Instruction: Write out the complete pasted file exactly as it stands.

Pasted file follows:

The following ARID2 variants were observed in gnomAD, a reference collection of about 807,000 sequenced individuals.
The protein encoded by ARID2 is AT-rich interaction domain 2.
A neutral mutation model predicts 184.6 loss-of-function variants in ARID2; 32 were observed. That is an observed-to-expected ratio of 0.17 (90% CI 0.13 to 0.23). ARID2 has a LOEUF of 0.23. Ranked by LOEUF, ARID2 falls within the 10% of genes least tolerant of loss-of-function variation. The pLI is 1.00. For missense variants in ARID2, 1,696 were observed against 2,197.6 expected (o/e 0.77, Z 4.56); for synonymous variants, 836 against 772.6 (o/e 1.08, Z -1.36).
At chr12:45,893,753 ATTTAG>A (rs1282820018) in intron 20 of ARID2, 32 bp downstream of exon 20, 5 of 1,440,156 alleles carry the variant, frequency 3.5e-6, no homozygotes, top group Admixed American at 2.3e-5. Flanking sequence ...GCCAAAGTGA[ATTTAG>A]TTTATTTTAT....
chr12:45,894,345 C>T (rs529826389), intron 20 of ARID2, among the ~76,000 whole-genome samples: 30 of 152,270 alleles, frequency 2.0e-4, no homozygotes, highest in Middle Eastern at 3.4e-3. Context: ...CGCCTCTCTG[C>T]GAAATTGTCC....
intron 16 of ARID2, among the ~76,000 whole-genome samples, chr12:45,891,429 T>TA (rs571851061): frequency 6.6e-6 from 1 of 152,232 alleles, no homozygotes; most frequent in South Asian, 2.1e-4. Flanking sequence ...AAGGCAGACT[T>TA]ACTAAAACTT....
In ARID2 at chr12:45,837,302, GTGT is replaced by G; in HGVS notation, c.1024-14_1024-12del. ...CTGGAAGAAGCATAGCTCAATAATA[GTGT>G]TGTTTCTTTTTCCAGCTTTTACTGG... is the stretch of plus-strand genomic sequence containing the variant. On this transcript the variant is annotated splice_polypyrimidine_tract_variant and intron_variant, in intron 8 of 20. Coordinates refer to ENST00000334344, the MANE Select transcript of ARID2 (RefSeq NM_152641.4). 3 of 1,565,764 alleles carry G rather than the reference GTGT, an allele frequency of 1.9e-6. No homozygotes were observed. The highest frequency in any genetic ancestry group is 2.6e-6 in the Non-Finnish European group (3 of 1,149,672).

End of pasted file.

The following ARID2 variants were observed in gnomAD, a reference collection of about 807,000 sequenced individuals.
The protein encoded by ARID2 is AT-rich interaction domain 2.
A neutral mutation model predicts 184.6 loss-of-function variants in ARID2; 32 were observed. That is an observed-to-expected ratio of 0.17 (90% CI 0.13 to 0.23). ARID2 has a LOEUF of 0.23. Ranked by LOEUF, ARID2 falls within the 10% of genes least tolerant of loss-of-function variation. The pLI is 1.00. For missense variants in ARID2, 1,696 were observed against 2,197.6 expected (o/e 0.77, Z 4.56); for synonymous variants, 836 against 772.6 (o/e 1.08, Z -1.36).
At chr12:45,893,753 ATTTAG>A (rs1282820018) in intron 20 of ARID2, 32 bp downstream of exon 20, 5 of 1,440,156 alleles carry the variant, frequency 3.5e-6, no homozygotes, top group Admixed American at 2.3e-5. Flanking sequence ...GCCAAAGTGA[ATTTAG>A]TTTATTTTAT....
chr12:45,894,345 C>T (rs529826389), intron 20 of ARID2, among the ~76,000 whole-genome samples: 30 of 152,270 alleles, frequency 2.0e-4, no homozygotes, highest in Middle Eastern at 3.4e-3. Context: ...CGCCTCTCTG[C>T]GAAATTGTCC....
intron 16 of ARID2, among the ~76,000 whole-genome samples, chr12:45,891,429 T>TA (rs571851061): frequency 6.6e-6 from 1 of 152,232 alleles, no homozygotes; most frequent in South Asian, 2.1e-4. Flanking sequence ...AAGGCAGACT[T>TA]ACTAAAACTT....
In ARID2 at chr12:45,837,302, GTGT is replaced by G; in HGVS notation, c.1024-14_1024-12del. ...CTGGAAGAAGCATAGCTCAATAATA[GTGT>G]TGTTTCTTTTTCCAGCTTTTACTGG... is the stretch of plus-strand genomic sequence containing the variant. On this transcript the variant is annotated splice_polypyrimidine_tract_variant and intron_variant, in intron 8 of 20. Coordinates refer to ENST00000334344, the MANE Select transcript of ARID2 (RefSeq NM_152641.4). 3 of 1,565,764 alleles carry G rather than the reference GTGT, an allele frequency of 1.9e-6. No homozygotes were observed. The highest frequency in any genetic ancestry group is 2.6e-6 in the Non-Finnish European group (3 of 1,149,672).